Crowdfunding platforms raised $2.7 billion globally in 2012

By on April 9, 2013, 12:30 PM

Crowdfunding campaigns are most often associated with nifty electronic gadgets but in reality, that’s only part of the equation that led to an 81 percent increase in money raised during 2012. Collectively, these platforms managed to generate $2.7 billion and fund more than 1 million campaigns last year according to a recent report from Massolution.

Crowdfunding includes donation, reward, lending, equity and royalty models according to the research firm. On an individual scale, 27.4 percent of funds were donated for social causes, 16.9 percent went toward business and entrepreneurship while films and performing arts were responsible for 11.9 percent of the overall revenue pool.

Interestingly enough, more than half of all the money raised came through US-based websites. That’s because crowdfunding exploded after President Barack Obama signed the Jumpstart our Business Startups (JOBS) act last year. The law won’t go into effect until later this year but that hasn’t stopped multiple startups from preparing to launch in the meantime. Collectively, the US and Europe accounted for 95 percent of the crowdfunding market.

Growth isn’t expected to slow down anytime soon, either. Massolution predicts that global crowdfunding will exceed $5 billion this year. The forecast is based on the fact that regulatory bodies are continuing to pave the way, making it easier and legal for more countries to get in on the action. They believe that the focus will shift away from social causes, however, as funding new businesses and small firms will generate the most money.




User Comments: 5

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cliffordcooley cliffordcooley, TechSpot Paladin, said:

They believe that the focus will shift away from social causes, however, as funding new businesses and small firms will generate the most money.
Geez what a no-brainer, when has anything popular ever stayed social? Business has always destroyed anything social, once it gained popularity.

MilwaukeeMike said:

They believe that the focus will shift away from social causes, however, as funding new businesses and small firms will generate the most money.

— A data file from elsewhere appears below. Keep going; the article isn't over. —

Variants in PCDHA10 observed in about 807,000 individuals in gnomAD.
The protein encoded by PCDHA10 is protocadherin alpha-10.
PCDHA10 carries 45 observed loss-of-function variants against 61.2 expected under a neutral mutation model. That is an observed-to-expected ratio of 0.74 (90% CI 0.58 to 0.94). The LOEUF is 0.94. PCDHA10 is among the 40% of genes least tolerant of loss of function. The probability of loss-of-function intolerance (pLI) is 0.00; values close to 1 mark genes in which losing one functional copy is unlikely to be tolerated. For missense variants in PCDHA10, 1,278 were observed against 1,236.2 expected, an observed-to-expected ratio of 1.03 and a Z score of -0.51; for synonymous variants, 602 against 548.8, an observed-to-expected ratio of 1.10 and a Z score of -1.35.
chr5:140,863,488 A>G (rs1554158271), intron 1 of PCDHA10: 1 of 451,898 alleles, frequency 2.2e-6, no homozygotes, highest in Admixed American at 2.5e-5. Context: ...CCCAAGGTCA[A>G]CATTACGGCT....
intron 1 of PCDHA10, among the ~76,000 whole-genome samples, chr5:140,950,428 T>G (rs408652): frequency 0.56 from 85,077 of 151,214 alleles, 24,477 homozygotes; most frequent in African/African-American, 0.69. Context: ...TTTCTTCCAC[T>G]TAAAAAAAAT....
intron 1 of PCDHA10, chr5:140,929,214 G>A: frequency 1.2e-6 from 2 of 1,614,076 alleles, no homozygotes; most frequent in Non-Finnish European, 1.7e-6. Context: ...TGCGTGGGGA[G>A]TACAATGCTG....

Geez what a no-brainer, when has anything popular ever stayed social? Business has always destroyed anything social, once it gained popularity.

I think you misunderstood that line (or maybe I do). The focus will shift away from social causes because they don't make any money. Social, meaning things like facebook, which as you know, has had a lot of trouble making money even though it's got like a billion users. We are used to social tools being free.

Business uses have a much better chance of making money. A store or website that sells something will usually make more money than a website that needs to sell advertising.

Both have to make money or they won't survive. The goal of a business is to make money, and the goal of a social cause is to get people to interact. You can see why businesses are more attractive to investors.

cliffordcooley cliffordcooley, TechSpot Paladin, said:

I think you misunderstood that line (or maybe I do).
Your probably right, after reading your explanation it kinda makes more sense.

avioza said:

I thought he wass referring to the Idea that crowd funding currently represents people investing money in causes they care about for philanthropic reasons, or at least investing in product development they would like to see realized even though they dont make money from their investment.

But with that much money changing hands, it is likely to be used for mercantile purposes in the future, potentially polluting the current ideals that drive crowd funding?

I dont see anything wrong with that, but the incentives for investing would have to be improved to shares of a company or something like a typical venture capitalist would be interested in.

I invested in a space simulator game because lack of mainstream intrests prevent game makers/publishers from creating it, as they will not make boatloads of money. I just wanted the game to be made...

MilwaukeeMike said:

I thought he wass referring to the Idea that crowd funding currently represents people investing money in causes they care about for philanthropic reasons, or at least investing in product development they would like to see realized even though they dont make money from their investment.

Well... not to be picky, but investing means you're expecting a profit (more money back than you put in). You invest in a house because you can make money when you sell it. You 'buy' a car because you're going to get use out of it, but it's going to be worth less when you're done. (Even if the salesman does call it 'investing'

If you're sending money to someone for philanthropic reasons then I would call it 'donating.'

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